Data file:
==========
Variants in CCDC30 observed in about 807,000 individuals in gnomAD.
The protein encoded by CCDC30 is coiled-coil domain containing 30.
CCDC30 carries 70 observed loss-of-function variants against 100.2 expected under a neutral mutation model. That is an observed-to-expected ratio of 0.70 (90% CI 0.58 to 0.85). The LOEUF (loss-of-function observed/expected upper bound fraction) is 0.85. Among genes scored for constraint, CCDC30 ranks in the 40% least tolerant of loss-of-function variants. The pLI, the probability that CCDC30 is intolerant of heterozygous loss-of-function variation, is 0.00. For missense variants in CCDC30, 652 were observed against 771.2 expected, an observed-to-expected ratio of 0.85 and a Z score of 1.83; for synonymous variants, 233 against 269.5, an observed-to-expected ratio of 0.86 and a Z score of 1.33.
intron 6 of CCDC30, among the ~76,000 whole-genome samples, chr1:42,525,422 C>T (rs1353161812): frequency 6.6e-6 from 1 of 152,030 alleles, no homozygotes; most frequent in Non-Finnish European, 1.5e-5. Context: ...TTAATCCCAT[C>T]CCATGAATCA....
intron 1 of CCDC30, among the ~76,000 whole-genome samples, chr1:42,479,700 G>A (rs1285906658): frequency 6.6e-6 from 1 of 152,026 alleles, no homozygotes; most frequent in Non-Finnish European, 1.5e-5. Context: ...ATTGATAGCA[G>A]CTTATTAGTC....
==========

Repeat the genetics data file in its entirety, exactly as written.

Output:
Variants in CCDC30 observed in about 807,000 individuals in gnomAD.
The protein encoded by CCDC30 is coiled-coil domain containing 30.
CCDC30 carries 70 observed loss-of-function variants against 100.2 expected under a neutral mutation model. That is an observed-to-expected ratio of 0.70 (90% CI 0.58 to 0.85). The LOEUF (loss-of-function observed/expected upper bound fraction) is 0.85. Among genes scored for constraint, CCDC30 ranks in the 40% least tolerant of loss-of-function variants. The pLI, the probability that CCDC30 is intolerant of heterozygous loss-of-function variation, is 0.00. For missense variants in CCDC30, 652 were observed against 771.2 expected, an observed-to-expected ratio of 0.85 and a Z score of 1.83; for synonymous variants, 233 against 269.5, an observed-to-expected ratio of 0.86 and a Z score of 1.33.
intron 6 of CCDC30, among the ~76,000 whole-genome samples, chr1:42,525,422 C>T (rs1353161812): frequency 6.6e-6 from 1 of 152,030 alleles, no homozygotes; most frequent in Non-Finnish European, 1.5e-5. Context: ...TTAATCCCAT[C>T]CCATGAATCA....
intron 1 of CCDC30, among the ~76,000 whole-genome samples, chr1:42,479,700 G>A (rs1285906658): frequency 6.6e-6 from 1 of 152,026 alleles, no homozygotes; most frequent in Non-Finnish European, 1.5e-5. Context: ...ATTGATAGCA[G>A]CTTATTAGTC....